Open the Turbo.264 application, and in 1–2 seconds, it’ll be ready to encode your video files. You can quickly drag and drop any number of video files into the Turbo.264 app window, and it’ll prep each for batch conversion. Select the desired output file type (iPod High Quality, iPod Standard, Sony PSP, or Apple TV) and click “start.” You’ll see the progress indicators keeping you informed of the conversion progress, much like old-school analog tripometers in a car. As the conversion nears completion, the countdown switches from minutes to seconds. When done, the app signals successful conversion with an upbeat “ding!”
Drag and Drop your Files Here
If you use Final Cut (Pro or Express), iMovie, or QuickTime Pro, you can export video files from these apps with the assistance of the Turbo.264 hardware. In any of those apps, select Export, then click the drop-down menu that gives you file format options. You’ll see the newly added Turbo.264-assisted options for iPod, PSP, and Apple TV [e.g. Movie to Apple TV (Elgato Turbo.264)]. Select the desired format, and away you go — the Turbo.264 will help your app of choice convert the video.
I ran several conversions to compare against Elgato’s conversion stats. The test file was an avi file, 39 minutes, 52 seconds, 350.5MB.
MacBook Pro 2.4GHz Core 2 Duo
Turbo.264 to iPod High – 17m 35s, 333.9MB file, 60fps average
Turbo.264 to iPod Standard – 7m 48s, 197.1MB file, 120fps average
Turbo.264 to Sony PSP – 11m 05s, 231.5MB file, 117fps average
Turbo.264 to Apple TV – 17m 49s, 397MB file, 50fps average
Turbo.264 assist QTPro to Apple TV – 17m 36s, 397MB file
QTPro (no assist) to Apple TV – 58m 36s, 486.1MB file (yikes!)
VisualHub to Apple TV – 13m 50s, 159.9MB file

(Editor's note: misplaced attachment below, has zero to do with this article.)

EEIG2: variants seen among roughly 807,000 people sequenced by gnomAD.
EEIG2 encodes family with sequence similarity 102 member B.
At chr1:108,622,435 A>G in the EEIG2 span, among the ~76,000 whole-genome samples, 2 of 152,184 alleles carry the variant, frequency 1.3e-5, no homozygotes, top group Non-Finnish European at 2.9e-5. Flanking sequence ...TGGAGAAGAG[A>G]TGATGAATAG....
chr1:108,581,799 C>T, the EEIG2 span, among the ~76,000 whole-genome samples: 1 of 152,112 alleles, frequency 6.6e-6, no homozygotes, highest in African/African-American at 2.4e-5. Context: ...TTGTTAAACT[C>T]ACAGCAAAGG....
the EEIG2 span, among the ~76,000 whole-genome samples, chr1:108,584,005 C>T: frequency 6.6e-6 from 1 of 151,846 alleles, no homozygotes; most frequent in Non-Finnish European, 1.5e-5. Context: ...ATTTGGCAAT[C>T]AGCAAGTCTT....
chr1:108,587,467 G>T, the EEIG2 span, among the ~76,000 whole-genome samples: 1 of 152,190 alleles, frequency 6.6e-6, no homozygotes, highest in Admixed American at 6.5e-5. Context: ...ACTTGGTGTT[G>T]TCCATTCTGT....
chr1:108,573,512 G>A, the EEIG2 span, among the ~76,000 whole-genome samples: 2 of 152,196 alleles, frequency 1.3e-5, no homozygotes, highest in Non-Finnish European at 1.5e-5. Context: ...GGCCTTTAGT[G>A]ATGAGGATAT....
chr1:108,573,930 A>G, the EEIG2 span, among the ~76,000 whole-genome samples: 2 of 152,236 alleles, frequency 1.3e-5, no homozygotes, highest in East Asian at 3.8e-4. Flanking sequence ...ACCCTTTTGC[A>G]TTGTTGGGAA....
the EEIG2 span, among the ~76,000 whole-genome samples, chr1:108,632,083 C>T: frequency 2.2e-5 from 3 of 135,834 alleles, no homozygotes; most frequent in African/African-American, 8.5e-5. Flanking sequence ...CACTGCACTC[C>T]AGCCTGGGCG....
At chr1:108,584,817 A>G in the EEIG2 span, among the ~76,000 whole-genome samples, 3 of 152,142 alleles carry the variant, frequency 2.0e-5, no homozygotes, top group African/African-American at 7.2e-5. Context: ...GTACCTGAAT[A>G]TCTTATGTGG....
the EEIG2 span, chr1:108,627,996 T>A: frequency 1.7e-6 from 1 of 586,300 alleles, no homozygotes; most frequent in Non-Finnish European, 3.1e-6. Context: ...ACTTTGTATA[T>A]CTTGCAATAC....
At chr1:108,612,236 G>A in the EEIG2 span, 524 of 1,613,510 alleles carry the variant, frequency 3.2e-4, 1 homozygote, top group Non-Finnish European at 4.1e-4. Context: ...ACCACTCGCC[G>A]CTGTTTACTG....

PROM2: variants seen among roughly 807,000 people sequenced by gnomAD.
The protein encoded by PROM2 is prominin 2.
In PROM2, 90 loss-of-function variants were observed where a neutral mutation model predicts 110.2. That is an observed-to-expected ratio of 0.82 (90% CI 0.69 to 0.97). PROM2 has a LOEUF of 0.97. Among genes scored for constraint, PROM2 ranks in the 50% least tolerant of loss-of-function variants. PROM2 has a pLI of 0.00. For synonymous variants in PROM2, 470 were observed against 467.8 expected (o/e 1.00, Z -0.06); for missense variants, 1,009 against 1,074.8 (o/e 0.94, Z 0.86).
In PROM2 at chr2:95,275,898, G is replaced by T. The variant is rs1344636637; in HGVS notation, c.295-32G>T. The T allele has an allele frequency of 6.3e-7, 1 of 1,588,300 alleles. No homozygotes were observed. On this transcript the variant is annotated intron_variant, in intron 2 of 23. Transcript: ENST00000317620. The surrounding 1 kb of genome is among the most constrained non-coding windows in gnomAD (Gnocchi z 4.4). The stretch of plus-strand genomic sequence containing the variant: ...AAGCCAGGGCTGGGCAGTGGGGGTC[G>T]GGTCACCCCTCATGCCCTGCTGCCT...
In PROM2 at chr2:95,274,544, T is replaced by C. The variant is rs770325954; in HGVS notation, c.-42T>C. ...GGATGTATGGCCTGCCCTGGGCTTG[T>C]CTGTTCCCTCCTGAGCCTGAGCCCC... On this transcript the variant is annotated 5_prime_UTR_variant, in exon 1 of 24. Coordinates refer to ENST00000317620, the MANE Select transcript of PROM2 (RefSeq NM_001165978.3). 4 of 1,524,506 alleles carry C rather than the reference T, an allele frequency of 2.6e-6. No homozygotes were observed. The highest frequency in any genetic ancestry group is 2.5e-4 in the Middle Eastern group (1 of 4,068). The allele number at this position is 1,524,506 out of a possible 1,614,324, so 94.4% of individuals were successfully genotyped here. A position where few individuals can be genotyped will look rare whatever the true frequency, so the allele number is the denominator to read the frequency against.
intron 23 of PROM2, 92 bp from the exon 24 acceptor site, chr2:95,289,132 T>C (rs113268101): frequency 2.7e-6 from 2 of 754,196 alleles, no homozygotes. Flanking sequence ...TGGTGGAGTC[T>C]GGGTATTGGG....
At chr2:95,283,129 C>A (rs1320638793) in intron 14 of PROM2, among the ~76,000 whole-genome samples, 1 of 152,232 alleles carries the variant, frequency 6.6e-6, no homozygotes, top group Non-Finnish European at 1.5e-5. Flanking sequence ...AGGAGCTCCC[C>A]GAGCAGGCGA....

Other sample conversions on slower machines are as follows: one-hour DV video converted to Apple TV format.
1.25GHz G4 iMac without Turbo.264 – 23h 06m
1.25GHz G4 iMac with Turbo.264 – 1h 50m
1.8GHz G5 PowerMac without Turbo.264 – 9h 10m
1.8GHz G5 PowerMac with Turbo.264 – 1h 30m
2GHz MacBook C2D without Turbo.264 – 4h 21m
2GHz MacBook C2D with Turbo.264 – 1h 06m
As you can see, the slower the computer, the greater support Turbo.264 gives.
H.264 to H.264 Output Quality
I converted a 1.3GB Final Cut video to Apple TV format using the Turbo.264. The 1.3GB file was in .mov format, 640 x 480, and encoded as Integer (Little Endian), H.264. The original file had flawless quality. The Turbo.264 converted it to Apple TV 640 x 480 at about 20fps, which is two-thirds “real-time” encoding speed. The output file was only 170MB, and the quality was exceptional. I was prepared to see obvious pixellation but was pleasantly deprived of that letdown.
Converting video for the Apple TV
Because HandBrake is a stand-alone application that does not directly integrate with OS X’s video encoding and decoding software (QuickTime API) like QuickTime, Final Cut Pro, and iMovie do, the Turbo.264 will not show up as an export option in HandBrake. If you’re ripping your home DVD collection to H.264, it’s best to stick with HandBrake until Elgato adds a full-featured DVD conversion feature. If you really must convert DVD using the Turbo.264, know that it’s limited to converting unencrypted VIDEO-TS folders and will render H.264 files from each VOB file. The Turbo.264 will not stitch them together to produce a full-length video. Again, with the encryption issue, the likelihood is that almost no commercial DVDs will allow direct decoding via Turbo.264. A program like MacTheRipper could strip the encryption in most cases, but a) it brings up obvious ethical questions and b) HandBrake cuts out the middle man by converting directly from a DVD disc to an H.264 video file.